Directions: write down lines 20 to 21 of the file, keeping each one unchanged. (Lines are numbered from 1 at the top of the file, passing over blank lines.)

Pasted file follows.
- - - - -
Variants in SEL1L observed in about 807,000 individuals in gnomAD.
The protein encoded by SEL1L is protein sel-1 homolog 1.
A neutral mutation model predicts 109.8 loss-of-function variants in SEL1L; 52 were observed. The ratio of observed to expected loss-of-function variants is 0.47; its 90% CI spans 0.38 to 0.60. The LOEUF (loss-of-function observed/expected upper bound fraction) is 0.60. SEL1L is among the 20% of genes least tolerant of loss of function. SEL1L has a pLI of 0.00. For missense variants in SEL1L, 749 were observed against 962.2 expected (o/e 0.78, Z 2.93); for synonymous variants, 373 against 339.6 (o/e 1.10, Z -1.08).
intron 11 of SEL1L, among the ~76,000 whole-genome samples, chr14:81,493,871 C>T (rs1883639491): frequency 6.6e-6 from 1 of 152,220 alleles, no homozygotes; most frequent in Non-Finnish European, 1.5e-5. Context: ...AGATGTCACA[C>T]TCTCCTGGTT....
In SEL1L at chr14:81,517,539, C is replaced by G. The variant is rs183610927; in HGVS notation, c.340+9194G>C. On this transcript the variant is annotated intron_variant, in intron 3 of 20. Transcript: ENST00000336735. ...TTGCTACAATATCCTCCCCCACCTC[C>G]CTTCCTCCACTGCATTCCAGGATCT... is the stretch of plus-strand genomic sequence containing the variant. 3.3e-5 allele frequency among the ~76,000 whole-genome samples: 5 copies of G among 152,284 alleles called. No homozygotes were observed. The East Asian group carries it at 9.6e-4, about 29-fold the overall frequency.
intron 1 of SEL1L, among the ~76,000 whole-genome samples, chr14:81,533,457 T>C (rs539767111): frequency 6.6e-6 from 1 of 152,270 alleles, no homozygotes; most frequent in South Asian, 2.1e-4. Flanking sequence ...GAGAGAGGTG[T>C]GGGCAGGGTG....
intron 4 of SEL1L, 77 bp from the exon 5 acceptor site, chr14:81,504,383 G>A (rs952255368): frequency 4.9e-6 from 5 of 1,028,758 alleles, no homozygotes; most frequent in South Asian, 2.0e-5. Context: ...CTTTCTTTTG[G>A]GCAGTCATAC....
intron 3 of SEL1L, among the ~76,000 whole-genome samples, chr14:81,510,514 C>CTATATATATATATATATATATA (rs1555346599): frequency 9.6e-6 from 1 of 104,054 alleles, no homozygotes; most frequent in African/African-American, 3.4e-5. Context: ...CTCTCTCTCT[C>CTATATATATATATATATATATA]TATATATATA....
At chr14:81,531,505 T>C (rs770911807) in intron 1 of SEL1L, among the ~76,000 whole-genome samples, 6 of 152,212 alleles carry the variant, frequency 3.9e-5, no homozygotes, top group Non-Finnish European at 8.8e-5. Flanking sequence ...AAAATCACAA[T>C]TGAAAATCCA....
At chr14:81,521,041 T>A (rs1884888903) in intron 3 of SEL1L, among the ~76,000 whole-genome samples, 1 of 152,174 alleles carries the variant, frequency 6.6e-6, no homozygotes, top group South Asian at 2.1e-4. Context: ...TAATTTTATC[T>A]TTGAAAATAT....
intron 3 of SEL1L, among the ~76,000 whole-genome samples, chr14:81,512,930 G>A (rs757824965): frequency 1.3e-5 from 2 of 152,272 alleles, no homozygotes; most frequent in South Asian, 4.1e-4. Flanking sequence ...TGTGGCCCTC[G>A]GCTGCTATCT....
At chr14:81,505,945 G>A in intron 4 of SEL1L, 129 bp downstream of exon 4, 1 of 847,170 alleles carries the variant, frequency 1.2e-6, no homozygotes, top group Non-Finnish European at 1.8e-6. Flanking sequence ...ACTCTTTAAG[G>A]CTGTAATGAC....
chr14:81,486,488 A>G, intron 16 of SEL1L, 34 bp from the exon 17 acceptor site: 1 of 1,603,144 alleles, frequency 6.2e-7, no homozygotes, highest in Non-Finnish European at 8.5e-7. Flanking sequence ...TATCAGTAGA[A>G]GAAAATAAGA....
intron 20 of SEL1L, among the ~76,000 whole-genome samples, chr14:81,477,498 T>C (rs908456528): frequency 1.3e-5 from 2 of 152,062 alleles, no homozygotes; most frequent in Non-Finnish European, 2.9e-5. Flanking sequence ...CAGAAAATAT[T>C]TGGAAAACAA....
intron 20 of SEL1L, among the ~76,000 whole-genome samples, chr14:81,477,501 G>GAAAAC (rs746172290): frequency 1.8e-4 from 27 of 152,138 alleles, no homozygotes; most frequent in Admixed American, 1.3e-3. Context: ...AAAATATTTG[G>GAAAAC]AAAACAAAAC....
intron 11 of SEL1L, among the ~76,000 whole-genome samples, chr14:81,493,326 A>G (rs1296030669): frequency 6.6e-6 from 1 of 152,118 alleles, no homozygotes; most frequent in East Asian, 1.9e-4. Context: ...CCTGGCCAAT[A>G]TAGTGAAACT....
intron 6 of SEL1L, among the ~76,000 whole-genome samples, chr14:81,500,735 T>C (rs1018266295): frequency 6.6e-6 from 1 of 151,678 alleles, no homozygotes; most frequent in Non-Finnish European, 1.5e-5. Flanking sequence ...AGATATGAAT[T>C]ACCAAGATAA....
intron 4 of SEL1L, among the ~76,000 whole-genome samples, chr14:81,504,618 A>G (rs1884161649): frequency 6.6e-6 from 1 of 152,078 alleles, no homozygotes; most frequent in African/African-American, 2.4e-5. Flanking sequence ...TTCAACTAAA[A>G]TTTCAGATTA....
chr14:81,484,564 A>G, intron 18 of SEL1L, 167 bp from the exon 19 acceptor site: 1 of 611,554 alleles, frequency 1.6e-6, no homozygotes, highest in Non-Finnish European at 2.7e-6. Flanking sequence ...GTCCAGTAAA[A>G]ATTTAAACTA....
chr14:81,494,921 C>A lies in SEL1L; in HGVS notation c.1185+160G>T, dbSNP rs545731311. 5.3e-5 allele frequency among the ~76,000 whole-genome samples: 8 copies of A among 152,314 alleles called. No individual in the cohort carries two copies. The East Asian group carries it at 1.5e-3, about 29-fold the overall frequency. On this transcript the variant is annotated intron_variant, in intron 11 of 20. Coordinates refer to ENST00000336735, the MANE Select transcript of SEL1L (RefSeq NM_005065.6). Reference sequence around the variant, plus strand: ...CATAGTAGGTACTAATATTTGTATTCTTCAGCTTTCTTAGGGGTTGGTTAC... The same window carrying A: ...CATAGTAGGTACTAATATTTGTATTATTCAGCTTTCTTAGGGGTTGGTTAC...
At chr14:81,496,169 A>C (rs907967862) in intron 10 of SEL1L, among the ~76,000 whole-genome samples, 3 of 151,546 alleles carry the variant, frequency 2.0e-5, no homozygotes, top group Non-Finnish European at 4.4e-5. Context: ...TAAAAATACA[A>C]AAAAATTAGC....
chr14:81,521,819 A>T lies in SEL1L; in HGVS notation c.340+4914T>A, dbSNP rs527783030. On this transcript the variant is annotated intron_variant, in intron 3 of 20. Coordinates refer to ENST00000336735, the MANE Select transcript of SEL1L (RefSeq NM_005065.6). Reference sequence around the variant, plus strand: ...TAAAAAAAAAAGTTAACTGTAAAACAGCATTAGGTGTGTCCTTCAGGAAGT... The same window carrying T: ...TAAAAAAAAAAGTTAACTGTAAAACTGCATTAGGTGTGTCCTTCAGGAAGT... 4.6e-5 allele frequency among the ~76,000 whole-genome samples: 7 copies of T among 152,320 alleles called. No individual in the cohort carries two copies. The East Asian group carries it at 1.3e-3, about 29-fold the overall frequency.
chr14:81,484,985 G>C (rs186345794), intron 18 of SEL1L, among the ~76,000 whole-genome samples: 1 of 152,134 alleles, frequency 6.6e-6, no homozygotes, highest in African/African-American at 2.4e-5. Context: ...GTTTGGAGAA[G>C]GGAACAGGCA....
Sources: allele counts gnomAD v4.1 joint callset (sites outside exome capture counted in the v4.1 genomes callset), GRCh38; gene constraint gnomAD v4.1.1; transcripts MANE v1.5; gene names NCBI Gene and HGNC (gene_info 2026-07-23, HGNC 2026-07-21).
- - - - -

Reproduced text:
chr14:81,494,921 C>A lies in SEL1L; in HGVS notation c.1185+160G>T, dbSNP rs545731311. 5.3e-5 allele frequency among the ~76,000 whole-genome samples: 8 copies of A among 152,314 alleles called. No individual in the cohort carries two copies. The East Asian group carries it at 1.5e-3, about 29-fold the overall frequency. On this transcript the variant is annotated intron_variant, in intron 11 of 20. Coordinates refer to ENST00000336735, the MANE Select transcript of SEL1L (RefSeq NM_005065.6). Reference sequence around the variant, plus strand: ...CATAGTAGGTACTAATATTTGTATTCTTCAGCTTTCTTAGGGGTTGGTTAC... The same window carrying A: ...CATAGTAGGTACTAATATTTGTATTATTCAGCTTTCTTAGGGGTTGGTTAC...
At chr14:81,496,169 A>C (rs907967862) in intron 10 of SEL1L, among the ~76,000 whole-genome samples, 3 of 151,546 alleles carry the variant, frequency 2.0e-5, no homozygotes, top group Non-Finnish European at 4.4e-5. Context: ...TAAAAATACA[A>C]AAAAATTAGC....